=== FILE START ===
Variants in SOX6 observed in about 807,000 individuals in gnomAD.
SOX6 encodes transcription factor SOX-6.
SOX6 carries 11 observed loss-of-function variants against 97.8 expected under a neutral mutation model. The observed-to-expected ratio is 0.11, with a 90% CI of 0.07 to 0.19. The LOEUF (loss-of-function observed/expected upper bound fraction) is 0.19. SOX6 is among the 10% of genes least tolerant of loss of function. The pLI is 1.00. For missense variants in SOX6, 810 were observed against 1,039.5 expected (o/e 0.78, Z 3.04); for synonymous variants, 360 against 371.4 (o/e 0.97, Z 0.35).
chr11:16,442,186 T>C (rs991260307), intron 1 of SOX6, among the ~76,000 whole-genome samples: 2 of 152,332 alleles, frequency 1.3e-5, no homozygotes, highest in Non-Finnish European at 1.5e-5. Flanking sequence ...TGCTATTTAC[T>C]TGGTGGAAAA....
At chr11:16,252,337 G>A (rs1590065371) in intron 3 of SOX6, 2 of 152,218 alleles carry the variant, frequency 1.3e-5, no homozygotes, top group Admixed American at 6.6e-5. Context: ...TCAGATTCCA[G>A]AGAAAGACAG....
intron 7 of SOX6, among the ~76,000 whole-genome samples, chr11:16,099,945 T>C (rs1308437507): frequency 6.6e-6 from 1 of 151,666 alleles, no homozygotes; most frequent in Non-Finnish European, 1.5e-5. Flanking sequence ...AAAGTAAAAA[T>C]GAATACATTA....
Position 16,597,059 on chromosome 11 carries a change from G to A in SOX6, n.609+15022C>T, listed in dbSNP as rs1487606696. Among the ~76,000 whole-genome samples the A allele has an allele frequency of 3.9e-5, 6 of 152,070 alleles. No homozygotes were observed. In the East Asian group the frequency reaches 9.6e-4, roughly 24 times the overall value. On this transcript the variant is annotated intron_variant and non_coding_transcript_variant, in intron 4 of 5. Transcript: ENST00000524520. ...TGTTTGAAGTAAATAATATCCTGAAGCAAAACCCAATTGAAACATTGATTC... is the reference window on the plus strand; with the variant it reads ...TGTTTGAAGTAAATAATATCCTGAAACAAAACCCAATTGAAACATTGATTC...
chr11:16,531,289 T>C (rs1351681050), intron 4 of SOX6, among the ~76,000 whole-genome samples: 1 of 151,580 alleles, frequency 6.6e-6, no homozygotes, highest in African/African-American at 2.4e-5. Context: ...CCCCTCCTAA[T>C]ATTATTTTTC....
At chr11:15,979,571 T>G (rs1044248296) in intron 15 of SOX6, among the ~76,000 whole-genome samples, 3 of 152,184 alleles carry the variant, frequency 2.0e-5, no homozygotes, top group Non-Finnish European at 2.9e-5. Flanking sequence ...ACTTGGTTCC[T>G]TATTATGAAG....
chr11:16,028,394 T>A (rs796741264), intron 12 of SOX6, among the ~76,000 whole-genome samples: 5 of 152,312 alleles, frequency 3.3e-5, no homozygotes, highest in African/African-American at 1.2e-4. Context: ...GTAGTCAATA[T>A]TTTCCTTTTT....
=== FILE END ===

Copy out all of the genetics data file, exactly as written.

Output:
Variants in SOX6 observed in about 807,000 individuals in gnomAD.
SOX6 encodes transcription factor SOX-6.
SOX6 carries 11 observed loss-of-function variants against 97.8 expected under a neutral mutation model. The observed-to-expected ratio is 0.11, with a 90% CI of 0.07 to 0.19. The LOEUF (loss-of-function observed/expected upper bound fraction) is 0.19. SOX6 is among the 10% of genes least tolerant of loss of function. The pLI is 1.00. For missense variants in SOX6, 810 were observed against 1,039.5 expected (o/e 0.78, Z 3.04); for synonymous variants, 360 against 371.4 (o/e 0.97, Z 0.35).
chr11:16,442,186 T>C (rs991260307), intron 1 of SOX6, among the ~76,000 whole-genome samples: 2 of 152,332 alleles, frequency 1.3e-5, no homozygotes, highest in Non-Finnish European at 1.5e-5. Flanking sequence ...TGCTATTTAC[T>C]TGGTGGAAAA....
At chr11:16,252,337 G>A (rs1590065371) in intron 3 of SOX6, 2 of 152,218 alleles carry the variant, frequency 1.3e-5, no homozygotes, top group Admixed American at 6.6e-5. Context: ...TCAGATTCCA[G>A]AGAAAGACAG....
intron 7 of SOX6, among the ~76,000 whole-genome samples, chr11:16,099,945 T>C (rs1308437507): frequency 6.6e-6 from 1 of 151,666 alleles, no homozygotes; most frequent in Non-Finnish European, 1.5e-5. Flanking sequence ...AAAGTAAAAA[T>C]GAATACATTA....
Position 16,597,059 on chromosome 11 carries a change from G to A in SOX6, n.609+15022C>T, listed in dbSNP as rs1487606696. Among the ~76,000 whole-genome samples the A allele has an allele frequency of 3.9e-5, 6 of 152,070 alleles. No homozygotes were observed. In the East Asian group the frequency reaches 9.6e-4, roughly 24 times the overall value. On this transcript the variant is annotated intron_variant and non_coding_transcript_variant, in intron 4 of 5. Transcript: ENST00000524520. ...TGTTTGAAGTAAATAATATCCTGAAGCAAAACCCAATTGAAACATTGATTC... is the reference window on the plus strand; with the variant it reads ...TGTTTGAAGTAAATAATATCCTGAAACAAAACCCAATTGAAACATTGATTC...
chr11:16,531,289 T>C (rs1351681050), intron 4 of SOX6, among the ~76,000 whole-genome samples: 1 of 151,580 alleles, frequency 6.6e-6, no homozygotes, highest in African/African-American at 2.4e-5. Context: ...CCCCTCCTAA[T>C]ATTATTTTTC....
At chr11:15,979,571 T>G (rs1044248296) in intron 15 of SOX6, among the ~76,000 whole-genome samples, 3 of 152,184 alleles carry the variant, frequency 2.0e-5, no homozygotes, top group Non-Finnish European at 2.9e-5. Flanking sequence ...ACTTGGTTCC[T>G]TATTATGAAG....
chr11:16,028,394 T>A (rs796741264), intron 12 of SOX6, among the ~76,000 whole-genome samples: 5 of 152,312 alleles, frequency 3.3e-5, no homozygotes, highest in African/African-American at 1.2e-4. Context: ...GTAGTCAATA[T>A]TTTCCTTTTT....